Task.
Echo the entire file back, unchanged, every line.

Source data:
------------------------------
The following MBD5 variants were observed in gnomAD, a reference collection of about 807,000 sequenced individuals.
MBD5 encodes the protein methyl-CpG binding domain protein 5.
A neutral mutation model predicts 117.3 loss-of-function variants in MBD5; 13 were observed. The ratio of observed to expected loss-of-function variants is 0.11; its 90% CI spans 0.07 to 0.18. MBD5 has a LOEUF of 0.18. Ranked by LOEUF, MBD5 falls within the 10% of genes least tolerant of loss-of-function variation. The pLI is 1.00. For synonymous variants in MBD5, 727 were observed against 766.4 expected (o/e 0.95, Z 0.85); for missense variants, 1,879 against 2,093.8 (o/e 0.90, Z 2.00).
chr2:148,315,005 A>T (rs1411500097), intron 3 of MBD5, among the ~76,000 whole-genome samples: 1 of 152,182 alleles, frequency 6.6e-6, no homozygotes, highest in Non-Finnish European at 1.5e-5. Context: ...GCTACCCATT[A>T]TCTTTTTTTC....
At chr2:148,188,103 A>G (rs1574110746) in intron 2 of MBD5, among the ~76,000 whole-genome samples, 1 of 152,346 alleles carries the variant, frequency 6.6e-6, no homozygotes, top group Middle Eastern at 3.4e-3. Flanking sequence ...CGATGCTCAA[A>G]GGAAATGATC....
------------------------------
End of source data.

The following MBD5 variants were observed in gnomAD, a reference collection of about 807,000 sequenced individuals.
MBD5 encodes the protein methyl-CpG binding domain protein 5.
A neutral mutation model predicts 117.3 loss-of-function variants in MBD5; 13 were observed. The ratio of observed to expected loss-of-function variants is 0.11; its 90% CI spans 0.07 to 0.18. MBD5 has a LOEUF of 0.18. Ranked by LOEUF, MBD5 falls within the 10% of genes least tolerant of loss-of-function variation. The pLI is 1.00. For synonymous variants in MBD5, 727 were observed against 766.4 expected (o/e 0.95, Z 0.85); for missense variants, 1,879 against 2,093.8 (o/e 0.90, Z 2.00).
chr2:148,315,005 A>T (rs1411500097), intron 3 of MBD5, among the ~76,000 whole-genome samples: 1 of 152,182 alleles, frequency 6.6e-6, no homozygotes, highest in Non-Finnish European at 1.5e-5. Context: ...GCTACCCATT[A>T]TCTTTTTTTC....
At chr2:148,188,103 A>G (rs1574110746) in intron 2 of MBD5, among the ~76,000 whole-genome samples, 1 of 152,346 alleles carries the variant, frequency 6.6e-6, no homozygotes, top group Middle Eastern at 3.4e-3. Flanking sequence ...CGATGCTCAA[A>G]GGAAATGATC....